It's funny what a difference it makes knowing what you know now. There were a couple of joins showing where I'd knocked down walls and rebuilt them, which is a little embarrassing having shifted over 10,000 copies of the damn thing. Oh well.

Beirut is currently free on Amazon, which is driving a steady trickle of sales of the other books, particularly Shemlan - A Deadly Tragedy but  also A Decent Bomber. I have a new project on the go, but I'm taking my sweet time and my wordcount is more like 1,000 words a month than 1,000 a day. I'm not really that fussed, tell the truth: life's quite busy enough right now.

But the chance to return to my favourite medium and talk about my favourite things was too great ever to refuse and so I'll be joining new host Annabelle Corton (she of Emirates LitFest fame) to talk about the three books in all the millions of books in the world I'd take to a desert island and to review Omar El Akkad's dystopian novel American War.

So there we go - now you know how to avoid me on Saturday morning!

Saturday, 26 August 2017

Leave And That...

Airbus A330-200 lands at London Heathrow Airport.
(Photo credit: Wikipedia)
So I haven't posted in over a month. Sue me.

We've been on leave.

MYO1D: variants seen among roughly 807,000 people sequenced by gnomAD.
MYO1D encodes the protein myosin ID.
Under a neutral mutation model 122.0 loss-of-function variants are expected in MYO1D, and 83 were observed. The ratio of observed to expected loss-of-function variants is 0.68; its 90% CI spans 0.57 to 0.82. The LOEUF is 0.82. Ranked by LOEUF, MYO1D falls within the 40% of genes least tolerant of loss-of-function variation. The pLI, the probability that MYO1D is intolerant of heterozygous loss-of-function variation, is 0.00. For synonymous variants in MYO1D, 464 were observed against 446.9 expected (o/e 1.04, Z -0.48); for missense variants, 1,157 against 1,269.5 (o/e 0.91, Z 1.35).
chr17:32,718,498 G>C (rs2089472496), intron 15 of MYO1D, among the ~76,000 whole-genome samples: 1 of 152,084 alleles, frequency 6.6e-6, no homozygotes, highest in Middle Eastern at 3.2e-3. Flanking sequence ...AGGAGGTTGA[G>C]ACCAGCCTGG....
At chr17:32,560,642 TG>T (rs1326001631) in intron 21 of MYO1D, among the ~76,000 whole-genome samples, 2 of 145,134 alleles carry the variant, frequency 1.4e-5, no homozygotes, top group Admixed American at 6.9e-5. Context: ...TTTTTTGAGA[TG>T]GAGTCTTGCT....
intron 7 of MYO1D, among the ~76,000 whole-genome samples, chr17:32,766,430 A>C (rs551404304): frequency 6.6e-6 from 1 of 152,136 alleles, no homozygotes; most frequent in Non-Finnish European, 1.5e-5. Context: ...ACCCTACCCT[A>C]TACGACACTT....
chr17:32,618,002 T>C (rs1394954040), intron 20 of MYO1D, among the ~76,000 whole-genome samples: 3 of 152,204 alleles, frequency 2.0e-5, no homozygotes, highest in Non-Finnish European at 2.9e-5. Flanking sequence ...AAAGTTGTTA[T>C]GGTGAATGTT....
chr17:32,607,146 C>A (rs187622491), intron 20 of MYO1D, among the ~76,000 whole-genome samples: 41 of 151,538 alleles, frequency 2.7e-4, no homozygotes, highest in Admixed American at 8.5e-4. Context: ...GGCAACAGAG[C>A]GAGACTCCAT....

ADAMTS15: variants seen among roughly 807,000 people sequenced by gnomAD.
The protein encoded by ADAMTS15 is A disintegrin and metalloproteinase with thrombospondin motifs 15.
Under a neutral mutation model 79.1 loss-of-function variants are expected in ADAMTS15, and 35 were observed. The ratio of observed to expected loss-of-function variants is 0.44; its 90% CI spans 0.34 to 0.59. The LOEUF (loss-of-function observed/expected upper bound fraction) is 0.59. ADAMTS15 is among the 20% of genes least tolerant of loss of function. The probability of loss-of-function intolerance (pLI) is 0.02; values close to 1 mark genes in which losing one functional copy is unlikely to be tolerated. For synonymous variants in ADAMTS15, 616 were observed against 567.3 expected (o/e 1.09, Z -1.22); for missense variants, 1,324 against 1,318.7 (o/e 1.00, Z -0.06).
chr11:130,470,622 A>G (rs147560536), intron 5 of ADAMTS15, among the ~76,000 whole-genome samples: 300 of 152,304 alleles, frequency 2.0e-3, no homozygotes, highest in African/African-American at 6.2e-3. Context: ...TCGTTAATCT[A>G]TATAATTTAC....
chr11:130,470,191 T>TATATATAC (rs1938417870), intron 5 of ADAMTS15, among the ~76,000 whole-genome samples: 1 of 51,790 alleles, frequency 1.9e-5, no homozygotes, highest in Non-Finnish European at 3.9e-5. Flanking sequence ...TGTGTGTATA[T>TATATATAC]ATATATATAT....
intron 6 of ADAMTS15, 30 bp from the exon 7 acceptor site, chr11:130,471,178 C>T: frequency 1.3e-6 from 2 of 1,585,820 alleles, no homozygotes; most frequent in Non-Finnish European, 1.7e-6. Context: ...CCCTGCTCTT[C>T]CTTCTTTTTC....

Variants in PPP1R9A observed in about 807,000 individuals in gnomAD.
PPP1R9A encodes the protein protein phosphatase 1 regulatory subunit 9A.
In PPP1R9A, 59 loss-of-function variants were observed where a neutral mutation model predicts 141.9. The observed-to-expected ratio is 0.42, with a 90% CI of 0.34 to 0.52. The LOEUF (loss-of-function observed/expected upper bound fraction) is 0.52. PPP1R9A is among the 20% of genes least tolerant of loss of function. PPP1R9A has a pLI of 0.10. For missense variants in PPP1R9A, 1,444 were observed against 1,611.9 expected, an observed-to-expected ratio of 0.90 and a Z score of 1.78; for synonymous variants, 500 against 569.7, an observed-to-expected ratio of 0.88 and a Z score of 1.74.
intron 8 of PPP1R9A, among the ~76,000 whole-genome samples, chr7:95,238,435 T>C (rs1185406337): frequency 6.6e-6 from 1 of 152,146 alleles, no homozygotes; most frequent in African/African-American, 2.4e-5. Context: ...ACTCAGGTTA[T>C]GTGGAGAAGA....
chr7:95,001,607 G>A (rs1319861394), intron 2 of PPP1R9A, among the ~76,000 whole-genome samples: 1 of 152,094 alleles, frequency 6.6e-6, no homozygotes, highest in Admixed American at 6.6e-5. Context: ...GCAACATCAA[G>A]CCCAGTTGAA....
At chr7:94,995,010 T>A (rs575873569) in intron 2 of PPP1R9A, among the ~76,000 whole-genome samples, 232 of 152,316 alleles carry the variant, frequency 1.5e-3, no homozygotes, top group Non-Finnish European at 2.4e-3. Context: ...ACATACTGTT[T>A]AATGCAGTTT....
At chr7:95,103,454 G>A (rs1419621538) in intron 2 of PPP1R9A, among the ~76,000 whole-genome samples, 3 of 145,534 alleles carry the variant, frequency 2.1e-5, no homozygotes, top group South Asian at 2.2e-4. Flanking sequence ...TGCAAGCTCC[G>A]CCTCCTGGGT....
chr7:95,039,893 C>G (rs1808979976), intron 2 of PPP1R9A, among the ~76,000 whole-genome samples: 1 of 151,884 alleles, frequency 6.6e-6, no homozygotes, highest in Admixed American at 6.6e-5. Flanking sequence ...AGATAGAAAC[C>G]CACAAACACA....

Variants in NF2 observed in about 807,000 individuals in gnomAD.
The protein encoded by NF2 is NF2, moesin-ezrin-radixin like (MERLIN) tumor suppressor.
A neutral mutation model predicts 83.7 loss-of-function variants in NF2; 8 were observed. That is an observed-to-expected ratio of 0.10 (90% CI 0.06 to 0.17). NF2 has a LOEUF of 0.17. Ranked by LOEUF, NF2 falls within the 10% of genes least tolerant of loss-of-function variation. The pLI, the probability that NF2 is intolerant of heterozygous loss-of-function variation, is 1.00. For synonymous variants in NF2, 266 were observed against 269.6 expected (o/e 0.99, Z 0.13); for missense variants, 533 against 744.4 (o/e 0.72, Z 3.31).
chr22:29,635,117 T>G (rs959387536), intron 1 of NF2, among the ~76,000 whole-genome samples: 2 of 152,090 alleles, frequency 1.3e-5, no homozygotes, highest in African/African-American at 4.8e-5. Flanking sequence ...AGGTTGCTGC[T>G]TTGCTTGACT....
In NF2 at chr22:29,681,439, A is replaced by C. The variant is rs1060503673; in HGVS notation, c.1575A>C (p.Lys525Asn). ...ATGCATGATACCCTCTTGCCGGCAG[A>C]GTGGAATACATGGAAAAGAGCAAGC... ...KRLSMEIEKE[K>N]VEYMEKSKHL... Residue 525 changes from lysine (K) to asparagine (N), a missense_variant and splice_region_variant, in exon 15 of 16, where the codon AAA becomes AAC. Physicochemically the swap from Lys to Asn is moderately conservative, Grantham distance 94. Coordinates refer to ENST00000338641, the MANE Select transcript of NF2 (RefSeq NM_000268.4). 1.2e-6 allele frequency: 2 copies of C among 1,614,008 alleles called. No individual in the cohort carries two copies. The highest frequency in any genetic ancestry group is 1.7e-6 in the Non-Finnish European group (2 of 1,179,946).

I hate flying, much as I love EK. A380s rock, the films were awful. Kindles rock more than A380s. Except in turbulence which we saw almost not at all. Heathrow sucks lemons.

Drove to Wales to see me mum for a couple of days, she's fine, thanks. Bit shaky. She's over 90 now. Fierce independent lady. The office calls, can I come back early? No. I shipped our bikes from there over to Northern Ireland. Halfords think I'm a totes jackass. They're all hardcore bike freaks, we have two bikes we love to ride when we're home. I got a puncture a while back and took the bike into them. They're all, like, can't you fix your own punctures? And I'm 'No.' And then they're, like, it's a quick release wheel so you don't have to bring the whole bike in. And I'm, 'Sue me.'

They boxed the bikes for me. They still think I'm a nutter, but now I'm another store's problem. They're happy about that.

Back to London for a couple of days in a Premier Inn because the sister-in-law's house (AKA Twickenham Central) is full of neeces. We like Premier Inns, actually. We got a great night's sleep every night, which is their promise, after all.

Photon checks into a hotel. Receptionist says, 'No bags?' Photon replies, 'Nah, I'm travelling light.'

Lovely week, Hampton Court, Thames Cruise, shit service at Pizza Express at the O2 (just drop the express, love, and you're fine) and mad wannabe BBC 2 Children's Presenters at Hamleys Regent Street. We reckoned these kids are freebasing to stay that hyper all day. They're so over the top even the neeces think they're a bit, well, mad. The office calls and asks if I can come back early. Still no.

And then we're on the open road to Salisbury for three idyllic nights at the Beckford Arms, a truly magnificent pub. These people offer you Bloody Mary for breakfast. They're very likeable. We spend the days wandering castles and long walks. There's a Catholic cemetery nearby, packed with little snippets of social history linked to the area's immigrants. The barman at the Beckford convinces me to take black pepper in my Hendricks. Oh me, oh my, people. Black pepper and strawberries in Hendricks. This is the future.